The Finnish suvivirsi, or Summer Hymn, may be forbidden at schools for having religious overtones, according to YLE in English. Such plans, which are under review by the national board of education, have raised stiff opposition from Finland’s most conservative and nationalistic politicians like Interior Minister Päivi Räsänen and anti-immigration Perussuomlaiset (PS) chairman, Timo Soini.
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Deputy Chancellor of Justice Mikko Puumalainen called on the Board of Education to see if the suvivirsi runs counter to religious freedom, equality and neutrality at Finnish schools.
In order to understand this debate, we’d have to look at it from Räsänen’s and Soini’s perspective.
Räsänen, who is a member of the Christian Democratic party and who considers homosexuality to be a sin, said that the board of education and schools should not under any circumstances forbid the suvivirsi. “…the best practices and traditions inherent in Finnish culture are weighed again in very conflictive interpretations,” she wrote on her Uusi Suomi blog.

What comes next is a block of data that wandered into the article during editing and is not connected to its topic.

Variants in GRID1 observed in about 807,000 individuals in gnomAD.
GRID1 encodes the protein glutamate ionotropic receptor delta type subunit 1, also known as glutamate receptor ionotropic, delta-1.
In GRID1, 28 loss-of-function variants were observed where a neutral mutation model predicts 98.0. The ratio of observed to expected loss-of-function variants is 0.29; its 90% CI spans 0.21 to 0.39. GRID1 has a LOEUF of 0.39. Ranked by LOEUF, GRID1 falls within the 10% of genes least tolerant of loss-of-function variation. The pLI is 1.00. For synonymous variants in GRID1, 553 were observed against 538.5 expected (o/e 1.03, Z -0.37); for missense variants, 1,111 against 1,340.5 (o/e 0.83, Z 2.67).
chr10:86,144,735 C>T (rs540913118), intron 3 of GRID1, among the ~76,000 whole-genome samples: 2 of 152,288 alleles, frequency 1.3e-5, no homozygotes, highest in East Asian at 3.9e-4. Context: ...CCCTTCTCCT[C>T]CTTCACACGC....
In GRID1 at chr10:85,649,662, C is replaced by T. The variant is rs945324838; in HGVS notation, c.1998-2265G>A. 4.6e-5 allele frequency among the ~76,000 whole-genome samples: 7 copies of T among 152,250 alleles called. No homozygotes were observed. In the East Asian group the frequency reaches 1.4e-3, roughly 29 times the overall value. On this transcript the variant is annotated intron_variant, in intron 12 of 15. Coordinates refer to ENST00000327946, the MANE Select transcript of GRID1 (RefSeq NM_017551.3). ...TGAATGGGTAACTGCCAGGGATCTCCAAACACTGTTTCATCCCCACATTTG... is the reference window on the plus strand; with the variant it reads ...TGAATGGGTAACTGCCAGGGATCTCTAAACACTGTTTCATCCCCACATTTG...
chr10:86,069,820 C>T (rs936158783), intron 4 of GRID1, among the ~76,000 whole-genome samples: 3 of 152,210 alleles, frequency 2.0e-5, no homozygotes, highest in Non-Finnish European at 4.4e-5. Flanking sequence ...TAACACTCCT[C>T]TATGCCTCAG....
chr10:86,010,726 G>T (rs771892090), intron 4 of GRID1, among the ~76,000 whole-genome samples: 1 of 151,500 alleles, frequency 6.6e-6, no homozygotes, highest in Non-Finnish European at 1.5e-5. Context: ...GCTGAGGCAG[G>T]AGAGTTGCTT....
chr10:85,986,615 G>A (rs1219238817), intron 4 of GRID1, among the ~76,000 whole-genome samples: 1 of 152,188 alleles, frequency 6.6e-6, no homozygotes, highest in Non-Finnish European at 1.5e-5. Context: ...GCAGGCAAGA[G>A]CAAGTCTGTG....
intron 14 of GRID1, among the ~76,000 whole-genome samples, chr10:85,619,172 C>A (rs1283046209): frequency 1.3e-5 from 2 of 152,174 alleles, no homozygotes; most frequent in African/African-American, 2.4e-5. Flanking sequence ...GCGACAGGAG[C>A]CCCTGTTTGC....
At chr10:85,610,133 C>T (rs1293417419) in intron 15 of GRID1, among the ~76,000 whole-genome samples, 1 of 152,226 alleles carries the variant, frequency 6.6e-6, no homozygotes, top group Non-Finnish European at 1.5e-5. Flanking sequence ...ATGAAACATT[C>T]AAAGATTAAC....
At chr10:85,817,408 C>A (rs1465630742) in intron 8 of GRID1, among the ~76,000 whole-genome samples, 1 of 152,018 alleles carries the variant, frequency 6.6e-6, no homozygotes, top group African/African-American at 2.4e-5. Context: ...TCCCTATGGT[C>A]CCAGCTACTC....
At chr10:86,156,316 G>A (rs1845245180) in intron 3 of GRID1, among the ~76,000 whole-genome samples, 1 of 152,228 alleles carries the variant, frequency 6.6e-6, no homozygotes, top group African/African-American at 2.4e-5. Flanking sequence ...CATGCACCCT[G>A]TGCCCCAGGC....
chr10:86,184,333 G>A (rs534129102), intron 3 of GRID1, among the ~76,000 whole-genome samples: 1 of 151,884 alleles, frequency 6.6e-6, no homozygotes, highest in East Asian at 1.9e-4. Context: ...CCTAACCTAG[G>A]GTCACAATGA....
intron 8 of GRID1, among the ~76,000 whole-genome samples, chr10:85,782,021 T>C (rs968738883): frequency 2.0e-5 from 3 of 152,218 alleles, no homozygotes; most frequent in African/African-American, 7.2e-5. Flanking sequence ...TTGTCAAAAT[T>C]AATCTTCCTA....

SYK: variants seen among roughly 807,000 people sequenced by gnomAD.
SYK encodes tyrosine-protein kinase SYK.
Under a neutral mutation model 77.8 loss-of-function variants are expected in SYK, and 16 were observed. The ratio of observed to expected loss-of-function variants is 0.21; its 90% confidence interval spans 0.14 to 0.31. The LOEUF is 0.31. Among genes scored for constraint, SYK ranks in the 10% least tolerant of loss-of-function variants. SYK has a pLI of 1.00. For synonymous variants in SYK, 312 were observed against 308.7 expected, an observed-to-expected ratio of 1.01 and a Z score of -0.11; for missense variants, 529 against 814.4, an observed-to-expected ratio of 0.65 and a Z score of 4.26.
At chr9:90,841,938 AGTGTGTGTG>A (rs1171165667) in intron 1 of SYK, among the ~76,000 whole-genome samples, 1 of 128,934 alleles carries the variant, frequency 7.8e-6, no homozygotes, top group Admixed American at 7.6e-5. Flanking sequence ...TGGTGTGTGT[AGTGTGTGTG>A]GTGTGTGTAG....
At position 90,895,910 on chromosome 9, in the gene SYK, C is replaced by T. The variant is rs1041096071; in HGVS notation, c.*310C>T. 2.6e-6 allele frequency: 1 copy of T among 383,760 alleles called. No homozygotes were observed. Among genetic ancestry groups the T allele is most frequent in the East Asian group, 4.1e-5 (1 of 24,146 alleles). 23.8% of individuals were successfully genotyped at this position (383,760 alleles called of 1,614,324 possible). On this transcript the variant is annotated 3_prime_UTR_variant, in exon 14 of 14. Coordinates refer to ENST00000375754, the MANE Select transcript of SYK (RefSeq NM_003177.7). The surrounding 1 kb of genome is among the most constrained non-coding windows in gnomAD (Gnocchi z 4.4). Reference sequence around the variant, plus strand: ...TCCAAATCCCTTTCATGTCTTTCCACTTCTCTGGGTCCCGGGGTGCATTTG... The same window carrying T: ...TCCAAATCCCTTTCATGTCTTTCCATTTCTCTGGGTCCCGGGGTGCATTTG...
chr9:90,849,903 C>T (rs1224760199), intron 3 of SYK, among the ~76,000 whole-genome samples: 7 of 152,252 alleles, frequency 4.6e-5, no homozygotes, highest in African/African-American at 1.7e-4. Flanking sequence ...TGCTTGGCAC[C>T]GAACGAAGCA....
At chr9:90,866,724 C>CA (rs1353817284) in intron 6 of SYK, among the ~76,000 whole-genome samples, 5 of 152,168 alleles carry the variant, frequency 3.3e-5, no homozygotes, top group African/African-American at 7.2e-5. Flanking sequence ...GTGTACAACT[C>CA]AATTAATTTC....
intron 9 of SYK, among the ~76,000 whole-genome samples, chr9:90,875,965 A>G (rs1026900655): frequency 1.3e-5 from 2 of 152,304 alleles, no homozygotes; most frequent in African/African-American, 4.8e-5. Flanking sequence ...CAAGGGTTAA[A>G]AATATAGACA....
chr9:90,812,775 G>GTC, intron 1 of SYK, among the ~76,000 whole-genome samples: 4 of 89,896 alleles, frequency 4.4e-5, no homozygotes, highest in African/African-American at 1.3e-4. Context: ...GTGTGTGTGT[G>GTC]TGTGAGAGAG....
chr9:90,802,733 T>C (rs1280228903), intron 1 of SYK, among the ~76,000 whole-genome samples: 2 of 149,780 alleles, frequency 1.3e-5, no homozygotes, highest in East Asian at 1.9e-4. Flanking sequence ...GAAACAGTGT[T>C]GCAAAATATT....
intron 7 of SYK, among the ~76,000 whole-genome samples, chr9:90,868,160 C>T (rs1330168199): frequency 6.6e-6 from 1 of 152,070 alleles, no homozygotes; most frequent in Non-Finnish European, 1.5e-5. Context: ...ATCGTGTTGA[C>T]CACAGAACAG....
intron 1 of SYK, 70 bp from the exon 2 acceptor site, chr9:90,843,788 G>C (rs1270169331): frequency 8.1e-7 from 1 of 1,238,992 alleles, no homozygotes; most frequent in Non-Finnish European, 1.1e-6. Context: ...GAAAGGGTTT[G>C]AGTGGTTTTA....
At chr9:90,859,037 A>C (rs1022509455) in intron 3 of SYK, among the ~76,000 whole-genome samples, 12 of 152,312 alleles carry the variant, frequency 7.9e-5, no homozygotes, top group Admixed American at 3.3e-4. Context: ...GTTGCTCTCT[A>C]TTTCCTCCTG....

Soini, who is a staunch Catholic that opposes abortion and gay marriage, is naturally against forbidding the singing of the suvivirsi at schools. “It a part of Finland’s spiritual landscape and cultural traditions,” he was quoted as saying on Ilta-Sanomat. “This is totally incomprehensible.”
Räsänen and Soini represent, in my opinion, a Finland that still believes that our society must not change even if our society becomes ever-culturally and ethnically diverse.
The fact that our society is more diverse today puts under scrutiny some of our traditions like the suvivirsi.
Instead of attacking minorities and migrants in this country for putting the suvivirsi under the spotlight, we should ask why schools should be secular institutions and the role of religious freedom in our society, which is not under question.